Saturday, October 22, 2011

Burn Baby Burn

After writing my "Mascara Magic" post, my therapy bitch noted that the night out on the town, was a huge breakthrough for me.  Not just because I wore make-up for the first time in months, but also because I ventured out in public, to a very well-to-do French restaurant.  What ensued was, quite possibly, one of the most embarrassing moments, in my entire life.
Last summer, my therapy bitches and I, were invited by a friend to join him for dinner at one of the most well acclaimed restaurants in the area.  We all took him up on his offer to get all dressed up and pretty, to eat great food and drink amazing wine.  When he arrived to pick us up in his baby blue convertible, we were already snapping pictures to document the "Therapy Bitches Dinner."  As you can imagine, it takes a few shots to get a still one of me.  
As we pulled up in front of the restaurant, valets stepped forward to escort us out of the car, and then the maître d’ appeared to usher us inside.  The restaurant's owner came out to welcome us as we entered, and offered us one of the best tables in the house:  right next to the kitchen, where the aromas of fine French cuisine were wafting out, and dead in the center of the main dining room, where everyone was able to watch three, drop-dead gorgeous women, as we were seated.  It also happened to be the perfect table for everyone else in the restaurant to stare at the one of us who wouldn't stop shaking her head.
The lighting in the dining room was dim, mostly lit by little tea lights at each table, and on the mantles.  There was some music in the background, but mostly the atmosphere was muffled by the voices of the patrons, and echo-like acoustics.  I found it difficult to hear my friends, leaning forward to read their lips, and attempt to catch some of what they were saying.  My hair was long at the time, and whooshed in my ears, muffling the conversation even further.  I could feel frustration rising, but managed to talk myself back down, so I could enjoy the evening.  Our waiter came over and handed us our menus, printed on thick, laminated card stock.  I struggled to read the fine print, in the dim light, with my head shaking.  Each time I leaned over towards the candlelight,  my hair would fall in my face, creating enough of a breeze to make the candle flicker.  I sat back in my chair, pushing my hair back, and took a sip of champagne through a very elegant plastic straw.   Our friend made suggestions on what dishes we should get, and I was grateful I wouldn't have to strain to read anymore.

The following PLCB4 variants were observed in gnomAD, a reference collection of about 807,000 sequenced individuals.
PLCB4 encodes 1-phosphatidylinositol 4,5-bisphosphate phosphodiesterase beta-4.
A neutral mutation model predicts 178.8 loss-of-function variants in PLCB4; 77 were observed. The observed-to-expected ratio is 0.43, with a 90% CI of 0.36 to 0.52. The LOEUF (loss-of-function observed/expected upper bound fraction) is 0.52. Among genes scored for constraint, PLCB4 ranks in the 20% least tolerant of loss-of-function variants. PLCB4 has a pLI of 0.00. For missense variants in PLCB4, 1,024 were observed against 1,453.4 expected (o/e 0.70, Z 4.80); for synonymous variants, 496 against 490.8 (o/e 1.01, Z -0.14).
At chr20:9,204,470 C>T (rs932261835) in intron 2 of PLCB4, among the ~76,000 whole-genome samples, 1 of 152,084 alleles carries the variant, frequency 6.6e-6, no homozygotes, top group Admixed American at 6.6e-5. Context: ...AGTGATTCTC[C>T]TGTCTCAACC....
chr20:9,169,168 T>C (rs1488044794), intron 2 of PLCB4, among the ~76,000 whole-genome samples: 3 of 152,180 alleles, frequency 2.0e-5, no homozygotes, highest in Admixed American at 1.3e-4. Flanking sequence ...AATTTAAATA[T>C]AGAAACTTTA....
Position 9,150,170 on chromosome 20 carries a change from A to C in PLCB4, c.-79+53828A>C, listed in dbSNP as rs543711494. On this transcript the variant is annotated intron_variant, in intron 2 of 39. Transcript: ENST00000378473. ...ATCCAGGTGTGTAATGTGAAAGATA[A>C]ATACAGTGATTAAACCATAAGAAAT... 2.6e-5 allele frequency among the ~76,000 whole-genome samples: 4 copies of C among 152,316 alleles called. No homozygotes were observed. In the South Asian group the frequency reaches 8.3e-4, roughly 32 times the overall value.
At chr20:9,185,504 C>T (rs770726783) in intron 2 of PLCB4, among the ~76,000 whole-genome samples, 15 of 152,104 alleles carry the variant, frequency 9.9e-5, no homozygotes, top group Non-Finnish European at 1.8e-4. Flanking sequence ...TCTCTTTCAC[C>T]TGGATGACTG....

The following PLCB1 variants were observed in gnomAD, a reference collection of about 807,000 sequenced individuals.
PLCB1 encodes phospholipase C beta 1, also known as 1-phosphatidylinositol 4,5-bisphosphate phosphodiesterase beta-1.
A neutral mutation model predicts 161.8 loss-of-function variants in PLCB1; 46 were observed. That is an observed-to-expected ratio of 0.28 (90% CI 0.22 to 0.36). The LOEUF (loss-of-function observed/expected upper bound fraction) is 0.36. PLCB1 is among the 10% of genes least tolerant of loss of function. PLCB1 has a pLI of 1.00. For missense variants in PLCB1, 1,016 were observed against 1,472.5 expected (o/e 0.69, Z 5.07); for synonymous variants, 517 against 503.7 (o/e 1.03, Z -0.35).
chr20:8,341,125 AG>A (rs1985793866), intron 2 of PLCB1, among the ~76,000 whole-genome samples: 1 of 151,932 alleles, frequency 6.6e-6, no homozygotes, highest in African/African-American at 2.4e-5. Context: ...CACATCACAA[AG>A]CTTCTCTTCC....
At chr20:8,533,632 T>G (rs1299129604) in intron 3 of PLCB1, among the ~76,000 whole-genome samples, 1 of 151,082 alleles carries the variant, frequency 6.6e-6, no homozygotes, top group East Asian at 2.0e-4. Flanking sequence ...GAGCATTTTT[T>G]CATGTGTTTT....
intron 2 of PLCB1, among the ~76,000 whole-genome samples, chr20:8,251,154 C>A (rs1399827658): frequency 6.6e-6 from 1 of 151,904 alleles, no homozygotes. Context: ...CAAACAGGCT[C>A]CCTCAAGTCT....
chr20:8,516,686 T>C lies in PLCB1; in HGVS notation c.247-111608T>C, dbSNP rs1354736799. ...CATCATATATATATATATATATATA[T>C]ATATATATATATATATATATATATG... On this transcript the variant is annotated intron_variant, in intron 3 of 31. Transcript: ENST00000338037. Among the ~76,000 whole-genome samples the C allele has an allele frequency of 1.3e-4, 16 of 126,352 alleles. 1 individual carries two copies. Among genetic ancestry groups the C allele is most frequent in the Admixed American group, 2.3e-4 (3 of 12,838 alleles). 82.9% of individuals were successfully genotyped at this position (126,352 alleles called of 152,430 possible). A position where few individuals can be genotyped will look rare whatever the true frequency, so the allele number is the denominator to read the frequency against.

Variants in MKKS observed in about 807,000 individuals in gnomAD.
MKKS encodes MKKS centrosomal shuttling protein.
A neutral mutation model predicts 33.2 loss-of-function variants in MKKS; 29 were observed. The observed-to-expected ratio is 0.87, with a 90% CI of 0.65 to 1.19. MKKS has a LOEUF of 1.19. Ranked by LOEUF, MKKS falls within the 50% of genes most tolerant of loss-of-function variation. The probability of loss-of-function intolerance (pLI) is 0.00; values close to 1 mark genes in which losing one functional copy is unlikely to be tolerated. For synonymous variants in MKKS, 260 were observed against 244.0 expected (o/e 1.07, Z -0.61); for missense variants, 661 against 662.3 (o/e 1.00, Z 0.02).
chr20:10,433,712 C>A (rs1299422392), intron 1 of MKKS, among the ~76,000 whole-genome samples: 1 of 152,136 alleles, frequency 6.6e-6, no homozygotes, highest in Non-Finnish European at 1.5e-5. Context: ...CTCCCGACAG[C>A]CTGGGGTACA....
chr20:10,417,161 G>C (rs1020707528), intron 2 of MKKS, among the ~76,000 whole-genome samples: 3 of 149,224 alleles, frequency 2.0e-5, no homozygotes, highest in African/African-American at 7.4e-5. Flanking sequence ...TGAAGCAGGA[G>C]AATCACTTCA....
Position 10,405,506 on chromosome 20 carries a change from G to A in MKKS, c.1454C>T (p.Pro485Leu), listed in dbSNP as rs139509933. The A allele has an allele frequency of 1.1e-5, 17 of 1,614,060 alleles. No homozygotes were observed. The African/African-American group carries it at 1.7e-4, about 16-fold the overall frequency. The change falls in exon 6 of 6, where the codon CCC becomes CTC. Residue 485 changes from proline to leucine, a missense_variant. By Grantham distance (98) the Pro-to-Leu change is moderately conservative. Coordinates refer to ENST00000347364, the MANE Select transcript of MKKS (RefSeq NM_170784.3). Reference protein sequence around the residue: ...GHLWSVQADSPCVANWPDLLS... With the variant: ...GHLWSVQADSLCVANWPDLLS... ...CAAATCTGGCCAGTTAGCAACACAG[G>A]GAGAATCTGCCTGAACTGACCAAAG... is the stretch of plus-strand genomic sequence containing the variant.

As we waited for the waiter to take our order, our friend started telling a story, and I leaned in to my right, where he was seated, so I could try to decipher between the words coming off his lips and what I was hearing.  I used every ounce of attention I could to follow along, but after some time I was distracted by a burnt smell coming from the kitchen.  No one else seemed bothered by it, so I continued focusing my attention on our friend's story.  Suddenly, I noticed smoke wafting by me, and just as I turned my head to the left, I watched the menu I was holding catch on fire, as it hovered over the tea light.  I gasped as my TB hid behind her menu and said to my friend "Do something.  She's on fire."  I waved my menu in the air, only drawing more attention to myself, and fanning the flames as my menu quickly burned down.  The waiter appeared out of nowhere and whisked my engulfed menu away, as the embarrassment rose in my face.  Our friend didn't miss a beat and said "Don't worry, that happens all the time."  Right.
The rest of the night went off without a hitch.  We weren't banned from the restaurant, I asked that the candle be removed from the table, and when they brought out dessert, I was thankful it wasn't flambe.  My TB was definitely right, it was a breakthrough evening.  I have since accepted the fact that going into public means that people might stare, and they might stare even more if I do something as comical as lighting my menu on fire.  I've also learned that when I light things on fire accidentally, I actually remember the event. (Yes, I have managed to light other things on fire since then...sweet potato pie at Easter, and my stepmother's bird whistle on her kettle)  What I also learned is that sometimes the most memorable moments are the ones when you can look back and laugh at yourself.

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